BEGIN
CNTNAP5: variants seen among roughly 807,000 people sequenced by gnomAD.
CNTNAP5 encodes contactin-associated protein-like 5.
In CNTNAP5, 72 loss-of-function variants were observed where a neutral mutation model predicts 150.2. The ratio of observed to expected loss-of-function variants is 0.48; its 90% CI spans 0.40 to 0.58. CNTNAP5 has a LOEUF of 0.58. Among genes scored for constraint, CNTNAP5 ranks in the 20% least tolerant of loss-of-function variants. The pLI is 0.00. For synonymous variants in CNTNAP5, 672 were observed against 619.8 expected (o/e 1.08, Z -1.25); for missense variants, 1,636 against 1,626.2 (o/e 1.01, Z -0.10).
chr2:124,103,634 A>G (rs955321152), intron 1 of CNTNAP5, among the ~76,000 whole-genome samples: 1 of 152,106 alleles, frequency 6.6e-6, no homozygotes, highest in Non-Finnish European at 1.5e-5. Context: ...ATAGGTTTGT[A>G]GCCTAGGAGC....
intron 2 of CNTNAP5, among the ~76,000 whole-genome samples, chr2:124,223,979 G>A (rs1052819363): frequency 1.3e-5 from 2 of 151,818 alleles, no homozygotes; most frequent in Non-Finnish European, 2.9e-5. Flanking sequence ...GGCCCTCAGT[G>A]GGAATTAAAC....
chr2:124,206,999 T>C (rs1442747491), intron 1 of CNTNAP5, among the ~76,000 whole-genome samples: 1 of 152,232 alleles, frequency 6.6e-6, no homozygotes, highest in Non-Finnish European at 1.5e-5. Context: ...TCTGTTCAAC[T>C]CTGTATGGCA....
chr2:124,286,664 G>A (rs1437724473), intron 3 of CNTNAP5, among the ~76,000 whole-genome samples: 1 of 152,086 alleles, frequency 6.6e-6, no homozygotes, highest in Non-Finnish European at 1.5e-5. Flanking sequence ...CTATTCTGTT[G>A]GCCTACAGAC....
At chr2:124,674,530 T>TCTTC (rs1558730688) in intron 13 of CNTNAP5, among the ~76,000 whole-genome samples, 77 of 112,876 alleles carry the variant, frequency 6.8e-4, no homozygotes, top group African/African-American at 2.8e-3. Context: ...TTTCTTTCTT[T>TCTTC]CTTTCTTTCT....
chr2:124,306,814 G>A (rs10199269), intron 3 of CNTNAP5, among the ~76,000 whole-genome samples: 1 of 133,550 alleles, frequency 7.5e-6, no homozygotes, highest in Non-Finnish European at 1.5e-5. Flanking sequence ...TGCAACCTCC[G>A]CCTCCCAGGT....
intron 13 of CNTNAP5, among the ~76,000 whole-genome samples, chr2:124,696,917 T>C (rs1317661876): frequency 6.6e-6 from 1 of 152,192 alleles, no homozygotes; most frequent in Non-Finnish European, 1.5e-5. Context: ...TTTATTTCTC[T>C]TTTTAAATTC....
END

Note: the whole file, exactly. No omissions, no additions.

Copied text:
CNTNAP5: variants seen among roughly 807,000 people sequenced by gnomAD.
CNTNAP5 encodes contactin-associated protein-like 5.
In CNTNAP5, 72 loss-of-function variants were observed where a neutral mutation model predicts 150.2. The ratio of observed to expected loss-of-function variants is 0.48; its 90% CI spans 0.40 to 0.58. CNTNAP5 has a LOEUF of 0.58. Among genes scored for constraint, CNTNAP5 ranks in the 20% least tolerant of loss-of-function variants. The pLI is 0.00. For synonymous variants in CNTNAP5, 672 were observed against 619.8 expected (o/e 1.08, Z -1.25); for missense variants, 1,636 against 1,626.2 (o/e 1.01, Z -0.10).
chr2:124,103,634 A>G (rs955321152), intron 1 of CNTNAP5, among the ~76,000 whole-genome samples: 1 of 152,106 alleles, frequency 6.6e-6, no homozygotes, highest in Non-Finnish European at 1.5e-5. Context: ...ATAGGTTTGT[A>G]GCCTAGGAGC....
intron 2 of CNTNAP5, among the ~76,000 whole-genome samples, chr2:124,223,979 G>A (rs1052819363): frequency 1.3e-5 from 2 of 151,818 alleles, no homozygotes; most frequent in Non-Finnish European, 2.9e-5. Flanking sequence ...GGCCCTCAGT[G>A]GGAATTAAAC....
chr2:124,206,999 T>C (rs1442747491), intron 1 of CNTNAP5, among the ~76,000 whole-genome samples: 1 of 152,232 alleles, frequency 6.6e-6, no homozygotes, highest in Non-Finnish European at 1.5e-5. Context: ...TCTGTTCAAC[T>C]CTGTATGGCA....
chr2:124,286,664 G>A (rs1437724473), intron 3 of CNTNAP5, among the ~76,000 whole-genome samples: 1 of 152,086 alleles, frequency 6.6e-6, no homozygotes, highest in Non-Finnish European at 1.5e-5. Flanking sequence ...CTATTCTGTT[G>A]GCCTACAGAC....
At chr2:124,674,530 T>TCTTC (rs1558730688) in intron 13 of CNTNAP5, among the ~76,000 whole-genome samples, 77 of 112,876 alleles carry the variant, frequency 6.8e-4, no homozygotes, top group African/African-American at 2.8e-3. Context: ...TTTCTTTCTT[T>TCTTC]CTTTCTTTCT....
chr2:124,306,814 G>A (rs10199269), intron 3 of CNTNAP5, among the ~76,000 whole-genome samples: 1 of 133,550 alleles, frequency 7.5e-6, no homozygotes, highest in Non-Finnish European at 1.5e-5. Flanking sequence ...TGCAACCTCC[G>A]CCTCCCAGGT....
intron 13 of CNTNAP5, among the ~76,000 whole-genome samples, chr2:124,696,917 T>C (rs1317661876): frequency 6.6e-6 from 1 of 152,192 alleles, no homozygotes; most frequent in Non-Finnish European, 1.5e-5. Context: ...TTTATTTCTC[T>C]TTTTAAATTC....